Mitochondrial health is taking center stage as a common thread for all chronic disease, such as depression, cardiac and Alzheimer’s disease. Chronic disease are now being recognized as defects in cellular energetics.
I so often hear from my patients that they are fatigued and have little energy, and so often there is little recourse from a “conventional” standpoint. As physicians we have collectively forgotten how energy is created and stored in our bodies. How can we address a patient who feels tired and drained, if we have forgotten the basics of biochemistry? It only makes sense. If you cannot understand why your rocket lacks the lift to get it up into orbit, perhaps you should consider the strength of the engines.
All energy in eukaryotes, multi-celled animals that use oxygen, is created in a cellular organelle known as a mitochondria. It is in the mitochondria that our fats, proteins and carbohydrates (F/C/P) are broken down, and turned into energy for our cells. You may remember mitochondria with the high-school epithet of the “energy producers of the cell.” A biochemist might know of the multiple pathways required for our bodies to harness this energy into usable (storable) energy as the currency of our cells. All we need to know is that mitochondrial function is essential, easily damaged, and fixable.
There are three basic tenants that drive successful mitochondrial function. The first is the availability of food and nutritional sources. Foods we easily think of as F/C/P, must first be taken in the diet, digested into smaller, molecular parts, and then successfully absorbed. At this point they can be entered into the mitochondria, where they are disassembled further and fed into an energetic conveyor belt. This chugs along with appropriate vitamins and minerals; it grinds to a halt with toxins, heavy metals and inflammation.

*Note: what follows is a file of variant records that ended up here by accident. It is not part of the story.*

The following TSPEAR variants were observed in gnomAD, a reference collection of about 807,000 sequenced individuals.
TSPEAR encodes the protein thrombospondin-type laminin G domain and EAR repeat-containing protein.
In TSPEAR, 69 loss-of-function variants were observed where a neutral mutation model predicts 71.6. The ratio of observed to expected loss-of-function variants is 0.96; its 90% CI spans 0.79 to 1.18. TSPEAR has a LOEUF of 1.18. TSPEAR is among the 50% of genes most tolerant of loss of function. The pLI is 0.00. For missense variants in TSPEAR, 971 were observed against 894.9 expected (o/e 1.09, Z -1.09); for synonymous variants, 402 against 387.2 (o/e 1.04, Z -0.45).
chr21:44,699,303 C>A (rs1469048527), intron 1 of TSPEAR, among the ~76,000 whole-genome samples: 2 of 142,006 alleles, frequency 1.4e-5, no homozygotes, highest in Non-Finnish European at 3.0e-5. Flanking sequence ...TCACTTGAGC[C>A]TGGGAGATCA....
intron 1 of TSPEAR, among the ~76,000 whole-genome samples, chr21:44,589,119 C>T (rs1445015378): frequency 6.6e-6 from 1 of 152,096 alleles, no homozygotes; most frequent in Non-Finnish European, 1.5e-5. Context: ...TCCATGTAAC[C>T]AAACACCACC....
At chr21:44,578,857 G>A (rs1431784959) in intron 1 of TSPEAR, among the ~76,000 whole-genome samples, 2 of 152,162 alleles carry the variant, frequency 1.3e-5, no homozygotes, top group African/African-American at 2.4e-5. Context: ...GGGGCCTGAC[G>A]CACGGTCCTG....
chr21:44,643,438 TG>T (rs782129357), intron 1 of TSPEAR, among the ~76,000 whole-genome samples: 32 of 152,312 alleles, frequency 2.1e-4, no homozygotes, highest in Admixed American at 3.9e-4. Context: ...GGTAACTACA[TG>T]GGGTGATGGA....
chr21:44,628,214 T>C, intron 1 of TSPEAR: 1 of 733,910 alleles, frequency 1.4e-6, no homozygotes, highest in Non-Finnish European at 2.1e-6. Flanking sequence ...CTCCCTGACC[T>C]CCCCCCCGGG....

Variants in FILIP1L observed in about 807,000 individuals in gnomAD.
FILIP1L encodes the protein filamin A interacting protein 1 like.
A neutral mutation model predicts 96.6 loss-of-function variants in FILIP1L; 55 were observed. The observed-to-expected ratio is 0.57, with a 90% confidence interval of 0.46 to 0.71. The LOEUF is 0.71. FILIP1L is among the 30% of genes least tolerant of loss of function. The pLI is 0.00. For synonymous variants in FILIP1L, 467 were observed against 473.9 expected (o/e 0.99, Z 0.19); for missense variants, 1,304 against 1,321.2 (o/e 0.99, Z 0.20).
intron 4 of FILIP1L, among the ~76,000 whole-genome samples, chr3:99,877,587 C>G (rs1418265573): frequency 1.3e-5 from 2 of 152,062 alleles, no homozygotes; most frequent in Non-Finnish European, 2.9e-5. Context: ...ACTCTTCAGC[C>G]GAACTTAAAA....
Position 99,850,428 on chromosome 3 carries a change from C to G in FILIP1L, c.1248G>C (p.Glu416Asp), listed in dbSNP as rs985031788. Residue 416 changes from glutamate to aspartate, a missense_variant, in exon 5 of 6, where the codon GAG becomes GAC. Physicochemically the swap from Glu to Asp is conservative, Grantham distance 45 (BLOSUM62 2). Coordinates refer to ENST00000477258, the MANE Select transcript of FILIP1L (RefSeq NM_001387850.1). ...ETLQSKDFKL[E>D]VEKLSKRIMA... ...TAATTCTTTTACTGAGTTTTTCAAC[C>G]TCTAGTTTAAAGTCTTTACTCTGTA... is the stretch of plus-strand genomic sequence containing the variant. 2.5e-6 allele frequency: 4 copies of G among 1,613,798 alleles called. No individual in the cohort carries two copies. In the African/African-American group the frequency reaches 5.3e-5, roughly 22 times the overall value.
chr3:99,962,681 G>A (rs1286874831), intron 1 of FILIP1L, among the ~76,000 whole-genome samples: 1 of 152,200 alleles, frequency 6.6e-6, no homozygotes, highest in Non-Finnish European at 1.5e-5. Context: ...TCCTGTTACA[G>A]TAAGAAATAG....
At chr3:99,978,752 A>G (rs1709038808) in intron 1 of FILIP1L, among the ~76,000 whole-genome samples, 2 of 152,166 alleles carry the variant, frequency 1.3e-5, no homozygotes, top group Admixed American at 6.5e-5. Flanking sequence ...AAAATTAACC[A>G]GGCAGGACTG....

The second essential component of energetics is the elimination of free radicals. These are activated oxygen molecules, with an added electron for an additional “kick.” Necessary byproducts of mitochondrial function, they can become the wrench in the machine if overly produced-- or inefficiently removed. Both production and removal can be influenced and optimized with nutrients, supplements and diet.
The final pathway, the final Occam’s razor upon which mitochondrial success or failure hinges, is the simple process of taking oxygen in, and breathing out of carbon dioxide.
Eat, digest, metabolize, purify and breathe. Love and care for your mitochondria. What could be simpler?
Dr. Scott Resnick
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